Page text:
Assessment of Current Ice Conditions Relevant to Distribution and Access of Walrus
Near St. Lawrence Island
Satellite imagery shows a large polynya along the southern and western coastline of St. Lawrence Island, stretching 30 to 150 miles beyond the shoreline. Grease ice and strips of young ice cover parts of the polynya. Open pack ice composed of small to vast floes lies off the northern coastline beyond the shorefast ice extent with new and young sea ice in between the floes. The shorefast ice along the northern coastline of the island extends roughly 1 to 12 miles, while the shorefast ice along the southern coastline is mainly limited to the lagoons.
Wales to Shishmaref
The outer extent of the shorefast ice from Ikpek up to Shishmaref destabilized and broke off again this past week. The shorefast ice extent along the coast now varies from 2 miles off Shishmaref to 10 miles off Ikpek to 8 miles off Mugisitokiwik. The outer extent of the shorefast ice along this coastline formed later in the year and the outer extent of the shorefast ice from Wales up to Ikpek may destabilize this week. Very close pack ice lies near the Bering Strait and mainly consists of medium to vast floes with areas of leads freezing over with new and young ice.
5 to 10 Day Forecast
Weather System/Wind Synopsis
A low-pressure system centered in the Eastern Aleutians on Friday, 25 April will move into the Gulf of Alaska Saturday the 26th and remain through Sunday the 27th. Meanwhile, high pressure will be centered over Eastern Russia and slide into the Chukchi Sea. The resultant winds for Friday through Sunday morning will be north to northeast 15 to 25 mph (10 to 20 kt). The winds will begin to shift to the south and weaken (<15 mph or <10 kt) as a low-pressure system enters the Kamchatka area. The low will move to just west of St. Lawrence Island Monday, 28 April with winds increasing to 15 to 25 mph (10 to 20 kt) from the east. The low will move through Eastern Russia Monday and Tuesday with winds switching to the south 15 to 25 mph (10 to 20 kt). The first low will move into the Arctic Wednesday with another low entering the Southern Bering Sea continuing the southeasterly winds at 20 to 30 mph (15 to 25 kt). The winds will decrease to 15 to 25 mph (10 to 20 kt) on Thursday, 1 May as the low remains in the southern Bering Sea. The low will weaken in the southern Bering Sea Friday the 2nd and Saturday the 3rd with winds becoming light (<15 mph or <10 kt). The weaker low will transition into the Gulf of Alaska Sunday the 4th and Monday the 5th with winds becoming northerly at 10 to 15 mph (5 to 10 kt).
Temperature Trend & Ice Forecast
Temperatures from Friday the 25th through Monday the 5th of May will remain near normal near St. Lawrence Island to above normal (10 to 15 degrees above) along the west coast of Alaska. This means temperatures along Mainland Alaska will be above freezing during the daylight hours and near freezing temperatures overnight. Consequently, with warmer temperatures and mostly northerly winds through the weekend – high concentrations of thick ice will flow south through the Bering Strait and toward St. Lawrence Island. The outer extent of the shorefast ice from Wales to Ikpek may continue to destabilize and break off due to good ice flow from the north and then some offshore southeasterly winds midweek then northerly late next week.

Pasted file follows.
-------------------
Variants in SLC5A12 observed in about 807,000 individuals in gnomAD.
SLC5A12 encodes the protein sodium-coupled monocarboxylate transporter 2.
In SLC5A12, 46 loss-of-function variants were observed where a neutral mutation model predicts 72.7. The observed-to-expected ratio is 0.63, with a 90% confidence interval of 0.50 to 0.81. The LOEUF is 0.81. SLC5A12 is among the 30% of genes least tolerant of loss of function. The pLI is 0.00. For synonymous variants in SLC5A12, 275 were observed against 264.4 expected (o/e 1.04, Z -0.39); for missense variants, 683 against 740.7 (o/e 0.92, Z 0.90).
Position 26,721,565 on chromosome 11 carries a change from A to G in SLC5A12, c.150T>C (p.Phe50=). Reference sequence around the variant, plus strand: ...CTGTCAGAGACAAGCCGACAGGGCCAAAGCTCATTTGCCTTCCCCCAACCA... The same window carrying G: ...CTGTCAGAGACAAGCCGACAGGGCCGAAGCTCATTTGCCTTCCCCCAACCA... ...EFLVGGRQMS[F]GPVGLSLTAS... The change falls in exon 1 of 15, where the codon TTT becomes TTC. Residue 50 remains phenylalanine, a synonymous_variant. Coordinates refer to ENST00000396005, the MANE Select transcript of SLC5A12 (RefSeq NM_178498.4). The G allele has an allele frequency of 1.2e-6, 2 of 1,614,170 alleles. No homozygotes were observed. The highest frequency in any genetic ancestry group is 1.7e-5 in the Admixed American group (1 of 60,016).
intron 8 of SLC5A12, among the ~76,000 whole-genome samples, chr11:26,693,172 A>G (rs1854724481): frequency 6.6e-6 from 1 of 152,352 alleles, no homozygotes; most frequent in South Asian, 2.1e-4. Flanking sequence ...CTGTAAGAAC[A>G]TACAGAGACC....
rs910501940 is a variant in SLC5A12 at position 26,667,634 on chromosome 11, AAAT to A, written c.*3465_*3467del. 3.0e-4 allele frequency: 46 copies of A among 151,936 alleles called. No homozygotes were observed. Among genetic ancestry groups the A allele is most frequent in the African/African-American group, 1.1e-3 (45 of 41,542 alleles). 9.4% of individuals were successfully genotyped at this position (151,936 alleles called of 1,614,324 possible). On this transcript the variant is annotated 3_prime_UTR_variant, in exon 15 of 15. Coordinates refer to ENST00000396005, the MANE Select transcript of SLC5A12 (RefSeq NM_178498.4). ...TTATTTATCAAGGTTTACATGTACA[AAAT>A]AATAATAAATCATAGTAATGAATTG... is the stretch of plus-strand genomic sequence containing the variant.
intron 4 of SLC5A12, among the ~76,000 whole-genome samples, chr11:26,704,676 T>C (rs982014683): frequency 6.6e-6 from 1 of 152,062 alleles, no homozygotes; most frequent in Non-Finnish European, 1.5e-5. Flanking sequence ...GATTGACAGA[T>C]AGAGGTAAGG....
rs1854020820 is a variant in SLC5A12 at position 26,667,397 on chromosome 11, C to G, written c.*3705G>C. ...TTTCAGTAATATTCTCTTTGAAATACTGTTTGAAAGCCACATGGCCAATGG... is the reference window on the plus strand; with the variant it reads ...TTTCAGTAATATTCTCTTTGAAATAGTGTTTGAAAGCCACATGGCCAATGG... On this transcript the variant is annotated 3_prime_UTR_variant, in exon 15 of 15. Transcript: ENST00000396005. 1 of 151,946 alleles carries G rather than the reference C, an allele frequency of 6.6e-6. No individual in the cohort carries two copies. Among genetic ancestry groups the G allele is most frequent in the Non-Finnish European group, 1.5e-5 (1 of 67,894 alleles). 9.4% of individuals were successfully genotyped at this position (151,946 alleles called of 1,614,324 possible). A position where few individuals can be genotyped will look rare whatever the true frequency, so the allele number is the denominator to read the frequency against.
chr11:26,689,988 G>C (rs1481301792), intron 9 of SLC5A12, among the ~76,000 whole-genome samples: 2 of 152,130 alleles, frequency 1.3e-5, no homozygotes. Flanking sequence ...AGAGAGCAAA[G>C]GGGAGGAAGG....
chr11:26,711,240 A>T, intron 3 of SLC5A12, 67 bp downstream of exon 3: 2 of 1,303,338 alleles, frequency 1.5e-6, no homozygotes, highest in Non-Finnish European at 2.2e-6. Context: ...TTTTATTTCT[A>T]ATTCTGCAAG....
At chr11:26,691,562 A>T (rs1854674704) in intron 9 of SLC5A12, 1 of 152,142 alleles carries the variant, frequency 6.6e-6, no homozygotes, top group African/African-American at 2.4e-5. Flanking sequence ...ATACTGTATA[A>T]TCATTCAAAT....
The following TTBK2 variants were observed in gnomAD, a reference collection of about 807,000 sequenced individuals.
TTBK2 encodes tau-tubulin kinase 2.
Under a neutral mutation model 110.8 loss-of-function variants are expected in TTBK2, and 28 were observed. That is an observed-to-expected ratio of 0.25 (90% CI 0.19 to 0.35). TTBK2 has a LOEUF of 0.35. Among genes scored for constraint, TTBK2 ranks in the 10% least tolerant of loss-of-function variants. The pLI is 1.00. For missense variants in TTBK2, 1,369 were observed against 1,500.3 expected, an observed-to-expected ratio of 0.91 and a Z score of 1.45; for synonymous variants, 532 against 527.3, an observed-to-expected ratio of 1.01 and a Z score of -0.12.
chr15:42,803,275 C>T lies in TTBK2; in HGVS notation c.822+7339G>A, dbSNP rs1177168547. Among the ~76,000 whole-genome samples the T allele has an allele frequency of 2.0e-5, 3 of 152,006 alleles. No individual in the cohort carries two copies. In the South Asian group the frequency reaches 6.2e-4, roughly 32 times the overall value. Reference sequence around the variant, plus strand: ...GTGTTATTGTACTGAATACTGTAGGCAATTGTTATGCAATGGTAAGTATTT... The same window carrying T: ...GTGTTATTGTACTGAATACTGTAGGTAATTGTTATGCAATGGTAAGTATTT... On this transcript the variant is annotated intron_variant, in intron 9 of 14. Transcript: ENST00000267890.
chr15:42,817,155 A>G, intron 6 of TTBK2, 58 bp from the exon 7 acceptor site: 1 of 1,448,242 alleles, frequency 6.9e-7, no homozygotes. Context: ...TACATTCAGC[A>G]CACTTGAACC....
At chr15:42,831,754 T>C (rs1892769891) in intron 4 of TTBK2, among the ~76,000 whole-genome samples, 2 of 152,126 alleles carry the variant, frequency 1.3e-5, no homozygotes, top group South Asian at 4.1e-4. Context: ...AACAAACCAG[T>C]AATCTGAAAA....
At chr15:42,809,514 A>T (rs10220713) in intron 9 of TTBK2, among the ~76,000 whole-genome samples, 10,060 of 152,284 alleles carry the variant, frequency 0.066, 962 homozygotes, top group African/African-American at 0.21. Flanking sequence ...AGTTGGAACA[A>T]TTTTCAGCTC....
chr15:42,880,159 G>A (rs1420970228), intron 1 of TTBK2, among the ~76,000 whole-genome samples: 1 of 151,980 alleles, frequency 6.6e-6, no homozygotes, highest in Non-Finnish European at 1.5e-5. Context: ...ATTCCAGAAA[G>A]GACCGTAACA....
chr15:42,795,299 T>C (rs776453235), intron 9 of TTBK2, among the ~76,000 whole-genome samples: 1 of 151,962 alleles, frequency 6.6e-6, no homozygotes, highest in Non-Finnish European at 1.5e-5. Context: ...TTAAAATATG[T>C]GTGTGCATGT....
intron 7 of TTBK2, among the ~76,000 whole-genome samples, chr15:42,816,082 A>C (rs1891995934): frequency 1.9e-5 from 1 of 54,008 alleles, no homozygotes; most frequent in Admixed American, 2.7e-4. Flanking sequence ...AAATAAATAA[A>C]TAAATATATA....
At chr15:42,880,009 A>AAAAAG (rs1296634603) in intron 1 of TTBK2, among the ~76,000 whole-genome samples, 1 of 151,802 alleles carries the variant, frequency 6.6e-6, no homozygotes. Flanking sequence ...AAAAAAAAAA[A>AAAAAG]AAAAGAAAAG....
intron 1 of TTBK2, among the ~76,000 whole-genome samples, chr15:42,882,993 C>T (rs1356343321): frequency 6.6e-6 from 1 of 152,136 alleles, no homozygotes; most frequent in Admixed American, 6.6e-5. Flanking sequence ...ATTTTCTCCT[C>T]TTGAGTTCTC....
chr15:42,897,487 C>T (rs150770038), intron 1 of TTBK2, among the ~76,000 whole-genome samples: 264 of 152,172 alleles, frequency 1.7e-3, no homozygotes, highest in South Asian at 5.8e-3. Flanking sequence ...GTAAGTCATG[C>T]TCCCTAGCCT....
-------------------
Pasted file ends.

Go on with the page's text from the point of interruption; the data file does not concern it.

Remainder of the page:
We can expect the polynya south of St. Lawrence Island to expand during the weekend. During the midweek, southerly flow will close the polynya a bit. By next weekend, the light northerly flow will increase the polynya a bit before Monday the 5th.
Arrows show wind direction and wind speed in knots
Remote Sensing Images
Observations and Comments
Observations of Sea Ice Development
Images from Savoonga
28 April 2014 - Olivia Lee, UAF
Comments from Shishmaref
25 April 2014 - Curtis Nayokpuk
We've had snow (wet) and fog daily, and can't see a 1/4 mile. This morning, we are again in heavy spring fog.
Comments from Nome
25 April 2014 - Fred Tocktoo
A lot of melt ponds are present in the shorefast ice. The shore ice was formed in late January and the warmer temperatures and rain during the winter contributed to the formation of thin shorefast ice. There is a lot of ice movement 1/2 mile to 1 mile out from the shorefast ice, and the ice around town broke out this morning (April 25) causing some excitement as some mining equipment was still out on the ice. There is a lot of ice seen out south of Nome's shore ice. We've had an early break-up compared to years' past, at least a month early. Rivers are beginning to run off, too.
We're seeing ice separation about three miles from shore. The gap is increasing its distance from the shore. Once the broken shore ice starts to move it's going to be gone, but will linger on going back and forth for several weeks more, to the shores while moving continuously northward through the Bering Straits.